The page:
Is your cat in the middle of a crisis, leaving you unsure of what to do next? Or are you just trying to do some research to help you better understand how to care for your feline friend if anything unexpected should happen? As a cat owner, you dont want to think about having to rush your pet to the emergency vet. However, this is sometimes an unfortunate necessity, and its good to know which conditions and situations might require a trip to the emergency vet in the middle of the night.
Check out the information below to educate yourself on cat emergencies. Understand that this list is not a comprehensive one, but it does cover most of the basics and should give you an idea of how to respond if something is going wrong with your cat. This information can help you prepare for the worst, even though you will hopefully never have to face this type of situation.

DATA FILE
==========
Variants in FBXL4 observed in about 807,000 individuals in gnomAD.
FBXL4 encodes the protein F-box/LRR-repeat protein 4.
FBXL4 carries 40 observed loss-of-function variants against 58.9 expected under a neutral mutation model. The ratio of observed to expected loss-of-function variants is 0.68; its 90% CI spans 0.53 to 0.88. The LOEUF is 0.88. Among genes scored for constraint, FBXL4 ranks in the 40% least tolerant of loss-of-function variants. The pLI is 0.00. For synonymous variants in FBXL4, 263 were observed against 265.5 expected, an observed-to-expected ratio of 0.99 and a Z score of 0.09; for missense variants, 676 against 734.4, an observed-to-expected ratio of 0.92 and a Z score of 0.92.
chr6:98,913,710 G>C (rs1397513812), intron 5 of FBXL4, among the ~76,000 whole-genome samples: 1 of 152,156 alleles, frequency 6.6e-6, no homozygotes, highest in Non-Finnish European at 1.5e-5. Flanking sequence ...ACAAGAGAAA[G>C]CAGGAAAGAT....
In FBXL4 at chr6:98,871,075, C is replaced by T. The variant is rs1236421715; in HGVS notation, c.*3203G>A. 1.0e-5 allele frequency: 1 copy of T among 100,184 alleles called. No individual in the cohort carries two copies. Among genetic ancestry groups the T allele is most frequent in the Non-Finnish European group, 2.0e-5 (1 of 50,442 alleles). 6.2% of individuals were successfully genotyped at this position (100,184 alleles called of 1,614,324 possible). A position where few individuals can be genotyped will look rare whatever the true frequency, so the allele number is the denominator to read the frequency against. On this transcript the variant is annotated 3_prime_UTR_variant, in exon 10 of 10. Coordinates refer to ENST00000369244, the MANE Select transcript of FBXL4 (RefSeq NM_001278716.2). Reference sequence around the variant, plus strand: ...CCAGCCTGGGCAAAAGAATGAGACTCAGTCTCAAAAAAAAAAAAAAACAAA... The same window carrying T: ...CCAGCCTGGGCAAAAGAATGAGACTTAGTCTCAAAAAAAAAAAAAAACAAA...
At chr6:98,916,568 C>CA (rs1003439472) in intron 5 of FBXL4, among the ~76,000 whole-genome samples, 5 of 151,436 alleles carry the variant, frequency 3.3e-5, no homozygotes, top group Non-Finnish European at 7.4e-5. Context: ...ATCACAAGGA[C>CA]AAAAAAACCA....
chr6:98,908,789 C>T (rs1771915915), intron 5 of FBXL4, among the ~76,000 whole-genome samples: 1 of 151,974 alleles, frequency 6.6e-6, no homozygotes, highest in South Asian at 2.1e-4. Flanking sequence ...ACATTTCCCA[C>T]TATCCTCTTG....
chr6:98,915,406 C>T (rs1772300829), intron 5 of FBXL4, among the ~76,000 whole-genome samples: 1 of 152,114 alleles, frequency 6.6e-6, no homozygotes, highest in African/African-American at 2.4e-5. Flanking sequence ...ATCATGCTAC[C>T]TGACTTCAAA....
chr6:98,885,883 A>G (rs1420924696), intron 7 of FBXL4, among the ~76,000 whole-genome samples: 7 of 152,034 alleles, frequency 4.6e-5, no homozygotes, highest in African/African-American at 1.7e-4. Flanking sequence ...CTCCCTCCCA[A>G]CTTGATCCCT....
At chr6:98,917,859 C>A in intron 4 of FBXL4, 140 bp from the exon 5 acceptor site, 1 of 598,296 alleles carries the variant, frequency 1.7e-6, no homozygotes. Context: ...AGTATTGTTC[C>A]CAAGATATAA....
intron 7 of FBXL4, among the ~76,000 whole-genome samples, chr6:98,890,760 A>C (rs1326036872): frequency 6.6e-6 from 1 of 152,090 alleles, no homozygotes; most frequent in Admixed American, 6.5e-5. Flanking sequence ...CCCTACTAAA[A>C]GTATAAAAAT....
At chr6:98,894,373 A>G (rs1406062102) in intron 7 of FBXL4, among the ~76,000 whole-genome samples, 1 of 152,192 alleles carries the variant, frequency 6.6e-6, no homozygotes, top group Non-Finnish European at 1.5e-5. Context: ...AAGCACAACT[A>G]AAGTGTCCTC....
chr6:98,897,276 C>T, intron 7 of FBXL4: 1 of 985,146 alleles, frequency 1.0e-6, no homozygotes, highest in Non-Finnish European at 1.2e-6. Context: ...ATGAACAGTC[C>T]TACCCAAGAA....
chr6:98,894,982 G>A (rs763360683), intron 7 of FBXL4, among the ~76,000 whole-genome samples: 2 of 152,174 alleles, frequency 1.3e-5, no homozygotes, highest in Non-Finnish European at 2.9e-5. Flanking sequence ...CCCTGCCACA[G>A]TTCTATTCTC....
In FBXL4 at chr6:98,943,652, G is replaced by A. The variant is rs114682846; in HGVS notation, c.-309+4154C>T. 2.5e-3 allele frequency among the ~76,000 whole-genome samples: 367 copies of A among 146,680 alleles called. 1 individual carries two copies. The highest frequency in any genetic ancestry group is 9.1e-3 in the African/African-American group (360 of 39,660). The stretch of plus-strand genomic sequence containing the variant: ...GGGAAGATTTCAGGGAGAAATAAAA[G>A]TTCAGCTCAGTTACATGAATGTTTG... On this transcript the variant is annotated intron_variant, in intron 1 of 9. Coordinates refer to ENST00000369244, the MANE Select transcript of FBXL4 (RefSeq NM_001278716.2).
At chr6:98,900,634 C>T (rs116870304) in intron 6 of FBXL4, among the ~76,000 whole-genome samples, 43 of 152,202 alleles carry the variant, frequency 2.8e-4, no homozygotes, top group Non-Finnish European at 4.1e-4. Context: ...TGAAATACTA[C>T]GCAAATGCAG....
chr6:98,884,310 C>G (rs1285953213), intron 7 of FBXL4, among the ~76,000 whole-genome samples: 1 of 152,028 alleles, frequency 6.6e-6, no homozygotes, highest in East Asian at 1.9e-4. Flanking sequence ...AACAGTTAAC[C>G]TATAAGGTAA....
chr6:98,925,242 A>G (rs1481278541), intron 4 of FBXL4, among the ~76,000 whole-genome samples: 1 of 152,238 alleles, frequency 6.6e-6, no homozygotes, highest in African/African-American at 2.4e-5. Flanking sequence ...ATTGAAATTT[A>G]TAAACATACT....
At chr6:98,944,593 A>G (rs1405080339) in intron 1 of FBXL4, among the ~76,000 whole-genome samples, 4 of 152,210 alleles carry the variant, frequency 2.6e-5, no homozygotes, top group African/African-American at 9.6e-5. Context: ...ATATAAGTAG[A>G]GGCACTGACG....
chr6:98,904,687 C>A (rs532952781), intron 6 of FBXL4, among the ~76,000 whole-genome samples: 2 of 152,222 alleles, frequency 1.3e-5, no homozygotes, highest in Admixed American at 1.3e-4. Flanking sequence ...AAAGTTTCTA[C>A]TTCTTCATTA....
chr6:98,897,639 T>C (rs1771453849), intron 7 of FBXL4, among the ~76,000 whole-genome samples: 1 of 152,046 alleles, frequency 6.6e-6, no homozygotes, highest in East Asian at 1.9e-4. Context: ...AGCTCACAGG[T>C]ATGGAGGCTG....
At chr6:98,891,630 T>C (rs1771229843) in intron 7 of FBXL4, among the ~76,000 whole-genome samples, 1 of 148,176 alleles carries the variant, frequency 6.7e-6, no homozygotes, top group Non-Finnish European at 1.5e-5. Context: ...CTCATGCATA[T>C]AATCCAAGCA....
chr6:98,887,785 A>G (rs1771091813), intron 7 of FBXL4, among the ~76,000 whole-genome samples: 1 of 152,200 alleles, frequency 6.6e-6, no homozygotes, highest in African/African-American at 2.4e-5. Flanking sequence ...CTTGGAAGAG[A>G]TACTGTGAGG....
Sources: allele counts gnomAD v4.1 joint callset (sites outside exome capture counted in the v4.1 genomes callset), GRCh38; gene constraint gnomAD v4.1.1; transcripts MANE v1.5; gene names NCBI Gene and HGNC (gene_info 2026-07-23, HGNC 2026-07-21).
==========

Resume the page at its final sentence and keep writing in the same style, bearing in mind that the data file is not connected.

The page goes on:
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How To Prepare An Indoor Cat For A Vet Visit
When preparing for a vet visit, its best to acclimatize your indoor cat to the cat carrier at least a few days in advance of your vet visit. Line it with blankets or a bed to make it comfortable and place treats or toys inside to make it more appealing to your cat. Give them treats, pets and praise when they explore the carrier, to help them associate it with positive experiences. Pheromone sprays may also help to keep your cat calm.
It is important to keep your cat in the carrier at all times during transportation and while sitting in the waiting room. This will help prevent your cat from escaping or getting injured during the vet visit.
You should also get your cat used to handling by touching, stroking and gently manipulating areas of their body such as their paws, ears, and mouth on a regular basis, so that they are not alarmed when the veterinarian examines them.
Testing For Feline Leukemia And Fiv